Dark Wallet

Discussion in 'Bitcoin and Cryptocurrency' started by pumpingiron22, Jul 3, 2014.

  1. pumpingiron22

    pumpingiron22 Member AnabolicLab.com Supporter

    Dark Wallet’ Is About to Make Bitcoin Money Laundering Easier Than Ever
    From left, Cody Wilson and Amir Taaki. Photo: Julia Robinson/WIRED

    Government regulators around the world have spent the last year scrambling to prevent bitcoin from becoming the currency of choice for money launderers and black marketeers. Now their worst fears may be about to materialize in a single piece of software.

    On Thursday, a collective of politically radical coders that calls itself unSystem plans to release the first version of Dark Wallet: a bitcoin application designed to protect its users’ identities far more strongly than the partial privacy protections bitcoin offers in its current form. If the program works as promised, it could neuter impending bitcoin regulations that seek to tie individuals’ identities to bitcoin ownership. By encrypting and mixing together its users’ payments, Dark Wallet seeks to enable practically untraceable flows of money online that add new fuel to the Web’s burgeoning black markets.

    “This is a way of using bitcoin that mocks every attempt to sprinkle it with regulation,” says Cody Wilson, one of Dark Wallet’s two 26-year-old organizers. “It’s a way to say to the government ‘You’ve set yourself up to regulate bitcoin. Regulate this.’”

    Here’s a teaser video the group posted earlier last week ahead of the software’s release:

    Dark Wallet was conceived last summer by Wilson and Amir Taaki. Wilson first gained notoriety by creating the world’s first entirely 3D-printed gun; Taaki is an Iranian-British free-market anarchist and developer of high-profile bitcoin projects like the decentralized online marketplace prototype DarkMarket. Together theylaunched a crowdfunding campaign on Indiegogo in October that raised $50,000, along with tens of thousands more in bitcoin. The accompanying video promised what Wilson described as “a line in the sand” in the struggle over bitcoin’s political future. At a debate at New York’s Museum of Modern Art in March, Wilson described his intentions for Dark Wallet more directly: “It’s just money laundering software.”

    Despite those provocations, financial regulators have kept mum about the project. The New York Department of Financial Services, which held hearings about bitcoin in January and says it plans to create a “bitlicense” for some bitcoin-based businesses, didn’t respond to a request for comment. In a statement to WIRED, the Financial Crimes Enforcement Network wrote only that it’s “well aware of the many emerging technological efforts designed to subvert financial transparency. It’s certainly our business to be interested and vigilant with respect to any activities that may assist money laundering and other financial crimes.”

    Wilson’s and Taaki’s money-laundering app is politically incendiary, but it’s not necessarily illegal, and they argue that the code is protected by First Amendment safeguards on free speech. But Wilson states plainly that he intends Dark Wallet to be used for anonymous online black markets like the Silk Road, the bitcoin-based drug bazaar seized by the FBI in October. “I want a private means for black market transactions,” says Wilson, “whether they’re for non-prescribed medical inhalers, MDMA for drug enthusiasts, or weapons.”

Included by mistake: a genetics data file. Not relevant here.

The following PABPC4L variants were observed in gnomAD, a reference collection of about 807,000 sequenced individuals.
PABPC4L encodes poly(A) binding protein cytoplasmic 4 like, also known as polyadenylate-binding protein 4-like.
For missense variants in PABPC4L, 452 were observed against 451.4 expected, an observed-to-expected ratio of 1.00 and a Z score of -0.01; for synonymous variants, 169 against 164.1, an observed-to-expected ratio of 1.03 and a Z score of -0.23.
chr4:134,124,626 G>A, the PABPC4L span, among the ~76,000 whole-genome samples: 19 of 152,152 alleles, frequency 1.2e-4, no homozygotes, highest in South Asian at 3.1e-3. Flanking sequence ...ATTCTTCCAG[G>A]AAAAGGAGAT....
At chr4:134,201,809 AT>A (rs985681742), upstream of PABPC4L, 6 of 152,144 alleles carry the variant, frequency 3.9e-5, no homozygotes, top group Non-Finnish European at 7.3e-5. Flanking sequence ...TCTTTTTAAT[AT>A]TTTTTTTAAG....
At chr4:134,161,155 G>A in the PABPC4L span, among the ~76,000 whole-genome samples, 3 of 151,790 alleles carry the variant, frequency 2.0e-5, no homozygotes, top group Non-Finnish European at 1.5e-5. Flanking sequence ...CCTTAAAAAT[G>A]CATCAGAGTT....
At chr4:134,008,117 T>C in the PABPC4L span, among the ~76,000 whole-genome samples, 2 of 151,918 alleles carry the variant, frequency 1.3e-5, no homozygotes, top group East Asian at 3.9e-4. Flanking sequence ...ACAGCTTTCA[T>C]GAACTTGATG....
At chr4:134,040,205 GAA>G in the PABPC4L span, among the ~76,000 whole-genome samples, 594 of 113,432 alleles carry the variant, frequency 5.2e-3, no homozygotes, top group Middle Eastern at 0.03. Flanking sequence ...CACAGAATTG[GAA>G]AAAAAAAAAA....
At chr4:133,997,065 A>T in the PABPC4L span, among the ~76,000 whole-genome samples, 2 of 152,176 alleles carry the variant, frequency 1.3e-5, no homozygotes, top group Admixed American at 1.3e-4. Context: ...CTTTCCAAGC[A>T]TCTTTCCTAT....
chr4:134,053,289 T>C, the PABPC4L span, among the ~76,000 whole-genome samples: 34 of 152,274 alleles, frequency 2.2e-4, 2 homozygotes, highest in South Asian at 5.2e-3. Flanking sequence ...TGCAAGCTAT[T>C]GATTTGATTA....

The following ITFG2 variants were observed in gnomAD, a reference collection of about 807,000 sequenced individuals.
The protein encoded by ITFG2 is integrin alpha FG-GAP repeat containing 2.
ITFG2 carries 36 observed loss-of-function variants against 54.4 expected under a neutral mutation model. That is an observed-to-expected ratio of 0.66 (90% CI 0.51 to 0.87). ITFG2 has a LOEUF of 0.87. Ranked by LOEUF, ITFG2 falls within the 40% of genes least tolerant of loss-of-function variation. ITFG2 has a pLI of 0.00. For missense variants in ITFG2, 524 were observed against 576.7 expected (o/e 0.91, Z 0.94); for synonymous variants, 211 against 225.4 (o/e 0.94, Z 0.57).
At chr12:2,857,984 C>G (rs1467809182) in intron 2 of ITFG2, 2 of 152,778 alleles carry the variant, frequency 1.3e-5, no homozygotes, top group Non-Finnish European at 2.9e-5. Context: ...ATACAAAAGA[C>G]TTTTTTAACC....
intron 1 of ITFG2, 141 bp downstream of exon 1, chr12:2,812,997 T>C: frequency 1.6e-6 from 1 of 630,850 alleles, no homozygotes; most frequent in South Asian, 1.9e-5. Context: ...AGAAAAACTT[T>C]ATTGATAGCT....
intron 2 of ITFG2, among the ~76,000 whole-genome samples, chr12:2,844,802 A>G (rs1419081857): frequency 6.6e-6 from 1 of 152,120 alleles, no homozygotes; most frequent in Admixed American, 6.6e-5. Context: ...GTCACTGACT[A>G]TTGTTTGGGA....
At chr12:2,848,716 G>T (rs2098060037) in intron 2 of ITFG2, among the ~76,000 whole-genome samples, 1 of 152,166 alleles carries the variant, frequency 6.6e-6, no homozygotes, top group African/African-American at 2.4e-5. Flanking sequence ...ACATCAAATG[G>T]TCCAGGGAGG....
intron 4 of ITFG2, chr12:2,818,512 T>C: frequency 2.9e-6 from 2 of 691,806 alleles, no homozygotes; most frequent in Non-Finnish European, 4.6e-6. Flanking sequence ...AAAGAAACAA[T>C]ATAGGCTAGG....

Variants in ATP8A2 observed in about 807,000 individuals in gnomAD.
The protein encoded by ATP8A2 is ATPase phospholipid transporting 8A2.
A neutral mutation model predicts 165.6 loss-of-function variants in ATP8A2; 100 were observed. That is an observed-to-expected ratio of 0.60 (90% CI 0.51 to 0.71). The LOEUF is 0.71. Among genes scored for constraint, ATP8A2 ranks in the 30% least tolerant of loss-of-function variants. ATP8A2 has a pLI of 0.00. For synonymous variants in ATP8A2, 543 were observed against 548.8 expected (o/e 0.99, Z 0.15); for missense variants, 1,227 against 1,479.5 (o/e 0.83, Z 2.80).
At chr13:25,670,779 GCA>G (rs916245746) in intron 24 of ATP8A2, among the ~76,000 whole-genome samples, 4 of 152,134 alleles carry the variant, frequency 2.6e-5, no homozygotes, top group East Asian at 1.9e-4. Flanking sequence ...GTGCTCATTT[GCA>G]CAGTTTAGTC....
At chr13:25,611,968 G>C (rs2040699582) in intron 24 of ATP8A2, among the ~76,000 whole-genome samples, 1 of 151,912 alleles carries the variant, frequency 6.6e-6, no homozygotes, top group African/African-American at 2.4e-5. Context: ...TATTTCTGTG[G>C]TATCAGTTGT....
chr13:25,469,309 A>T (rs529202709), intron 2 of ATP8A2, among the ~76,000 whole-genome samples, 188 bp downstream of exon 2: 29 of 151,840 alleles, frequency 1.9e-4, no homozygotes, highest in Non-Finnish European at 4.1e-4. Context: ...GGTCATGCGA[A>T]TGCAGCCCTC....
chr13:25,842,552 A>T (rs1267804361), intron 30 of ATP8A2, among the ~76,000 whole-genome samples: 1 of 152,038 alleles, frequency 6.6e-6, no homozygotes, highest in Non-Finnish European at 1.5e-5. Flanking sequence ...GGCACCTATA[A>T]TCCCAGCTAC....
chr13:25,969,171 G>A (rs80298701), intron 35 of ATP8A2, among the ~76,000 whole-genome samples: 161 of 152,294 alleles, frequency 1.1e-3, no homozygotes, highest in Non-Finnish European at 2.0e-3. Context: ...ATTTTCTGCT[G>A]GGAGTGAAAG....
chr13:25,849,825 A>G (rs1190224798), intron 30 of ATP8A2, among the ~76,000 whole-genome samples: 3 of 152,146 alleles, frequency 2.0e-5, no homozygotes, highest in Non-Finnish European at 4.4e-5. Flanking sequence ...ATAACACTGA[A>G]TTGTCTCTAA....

Nor does he deny that Dark Wallet might enable heinous crimes like child pornography, murder-for-hire, and terrorism. “Well, yes, bad things are going to happen on these marketplaces,” Wilson says. “Liberty is a dangerous thing.”

    But as dangerous as Wilson’s vision may be, Dark Wallet also fills a real need for privacy in the bitcoin economy. Despite its reputation as an anonymous currency, bitcoin transactions are in some ways nakedly public–even more so than those made with traditional money. Every bitcoin payment is recorded in the public ledger known as the blockchain, copied to thousands of users’ computers and checked to prevent forgery and fraud in the Bitcoin network. If bitcoiners don’t take special pains to anonymize their coins, all of their spending can potentially be traced back to their bitcoin addresses by any corporation or government agency that cares to look.

    BIGMESC Member

    I like they way they think.
    pumpingiron22 likes this.
  3. pumpingiron22

    pumpingiron22 Member AnabolicLab.com Supporter

    gr8whitetrukker likes this.
  4. pumpingiron22

    pumpingiron22 Member AnabolicLab.com Supporter

    Mr. Deltoid and Millard Baker like this.
  5. Millard Baker

    Millard Baker Member

    Hyper-Anonymising Bitcoin Service ‘Dark Wallet’

    Source: http://www.coindesk.com/hyper-anonymising-bitcoin-service-dark-wallet-launches-today/
  6. Millard Baker

    Millard Baker Member

    Interesting articles about the ultra-libertarian and anarchist co-founder of Dark Wallet, Cody Wilson: